The early settlers along Spring Creek that would become the town of Torquay were fishermen, agricultural workers and holidaymakers. James Follett was a boundary rider for squatter Andrew White. He built a boarding house to cater for the holiday makers and later he built the Pioneer Coffee Palace / Hotel and ran the Cobb and Co service from Geelong. Felix Rosser took up regular fishing in Zeally Bay and erected his fishing hut on Yellow Bluff overlooking Fisherman’s Beach. Richard Parker and son William, ironmongers of Geelong, camped for 3 months at a time on Spring Creek at Parkers Point (golf links elbow between bridge and river mouth). Henry (Harry) Rudd regularly spent weekends in Spring Creek fishing and camping by the river. He wanted a permanent place to build a house and made an application to buy land in Torquay that subsequently led to the first land sales. Three weeks after the sales in 1886 Rudd erected the first house a corrugated iron structure. Those that purchased in those first land sales represent the early settlers and many were Geelong residents and included pastoralists who established their holiday homes in Torquay. Names include Price, Anderson, Pearson, Beales, Taylor, Munday, Denmead, Wilton, Pride, Buckland, Bell (See also Torquay Improvement Association, Street Names, Family Histories and Stories).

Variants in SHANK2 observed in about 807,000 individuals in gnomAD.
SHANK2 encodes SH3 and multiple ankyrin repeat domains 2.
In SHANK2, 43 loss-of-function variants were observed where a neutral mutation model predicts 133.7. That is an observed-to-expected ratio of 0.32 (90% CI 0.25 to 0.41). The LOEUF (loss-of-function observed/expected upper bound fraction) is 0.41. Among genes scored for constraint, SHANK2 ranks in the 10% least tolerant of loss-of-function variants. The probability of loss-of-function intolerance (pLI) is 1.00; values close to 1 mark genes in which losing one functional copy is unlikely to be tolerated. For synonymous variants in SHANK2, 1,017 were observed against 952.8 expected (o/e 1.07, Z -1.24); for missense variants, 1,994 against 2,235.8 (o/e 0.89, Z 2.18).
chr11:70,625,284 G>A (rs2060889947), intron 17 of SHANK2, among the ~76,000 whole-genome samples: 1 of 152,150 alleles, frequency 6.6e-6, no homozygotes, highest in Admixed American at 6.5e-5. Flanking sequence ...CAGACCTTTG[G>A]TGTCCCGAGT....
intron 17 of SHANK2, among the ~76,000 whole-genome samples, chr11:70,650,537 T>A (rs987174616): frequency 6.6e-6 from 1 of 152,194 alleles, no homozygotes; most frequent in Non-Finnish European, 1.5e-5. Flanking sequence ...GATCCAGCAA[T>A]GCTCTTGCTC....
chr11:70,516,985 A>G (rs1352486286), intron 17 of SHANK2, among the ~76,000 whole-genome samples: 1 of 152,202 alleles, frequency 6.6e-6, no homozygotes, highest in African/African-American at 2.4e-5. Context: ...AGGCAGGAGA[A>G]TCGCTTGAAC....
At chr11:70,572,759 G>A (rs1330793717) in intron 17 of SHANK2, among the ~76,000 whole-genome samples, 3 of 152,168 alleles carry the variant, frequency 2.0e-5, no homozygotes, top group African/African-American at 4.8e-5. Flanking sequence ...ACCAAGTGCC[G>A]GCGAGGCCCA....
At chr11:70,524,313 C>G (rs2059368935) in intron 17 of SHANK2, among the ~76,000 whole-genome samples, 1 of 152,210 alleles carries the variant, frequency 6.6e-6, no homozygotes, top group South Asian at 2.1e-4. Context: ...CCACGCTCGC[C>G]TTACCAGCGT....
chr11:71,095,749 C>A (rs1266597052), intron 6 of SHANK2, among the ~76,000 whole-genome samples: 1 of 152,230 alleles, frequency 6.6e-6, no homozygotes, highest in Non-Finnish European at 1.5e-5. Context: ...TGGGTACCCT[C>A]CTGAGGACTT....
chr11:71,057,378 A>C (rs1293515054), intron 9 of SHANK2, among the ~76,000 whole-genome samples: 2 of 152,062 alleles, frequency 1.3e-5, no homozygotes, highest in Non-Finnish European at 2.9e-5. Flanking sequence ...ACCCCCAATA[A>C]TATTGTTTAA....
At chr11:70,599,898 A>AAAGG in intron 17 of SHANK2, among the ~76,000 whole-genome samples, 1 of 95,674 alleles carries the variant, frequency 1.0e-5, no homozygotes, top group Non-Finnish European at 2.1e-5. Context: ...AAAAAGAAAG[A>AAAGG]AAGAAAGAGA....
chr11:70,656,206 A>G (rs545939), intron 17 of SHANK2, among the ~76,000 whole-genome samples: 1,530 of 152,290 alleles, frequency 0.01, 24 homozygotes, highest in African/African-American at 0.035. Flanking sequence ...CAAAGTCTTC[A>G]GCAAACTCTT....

From Baines, J. (1939).The History of Torquay. Geelong Heritage Centre.
The village of Bellbrae was first known as Jan Juc which is taken from the aboriginal word “jan jook” for iron bark and the trees that covered the area. From 1857 blocks of land were sold by the Crown and taken up by settlers. The first blocks were purchased by Joseph Gundy and William Bell. A township of about 200 acres was marked out in 1864 and sold in blocks of 10 acres each. A cricket team was established in 1862 and team members provide the names of early Jan Juc and district residents: Duffield, Gundry, Butler, Musgrove, Lugg, Carroll, Beard, Bland, Cummings, Keith, McLean, Mann and Helyar. The list of rate payers in 1869 also indicates the names of these early settlers (see picture). In 1861 a National School was opened, and the Post Office was opened in 1862 with William Cook, the local school teacher, taking on the role of post master. The Independent and Wesleyan churches were established in 1863 and 1868 and a mechanics’ institute and free library were opened in 1887. In the 1901 census Jan Juc had 105 male and 73 female residents. After the First World War in 1923 the name of the village was changed following some disquiet about the possible German origin of the name Jan Juc. A competition was held to rename the village and was won by Emma Bone who named it Bellbrae for the John Calvert Bell family of Addiscot near Jan Juc. (See also Street Names, Family Histories and Stories).
From Bellbrae. Notes by N. S McAdam, Historical Officer Barrabool Shire
Further resources (Available from TDHS)
Hooper, M. (2019). Bellbrae Post Office, Beach Shack Publishing: Jan Juc.
Torquay Improvement Association (TIA)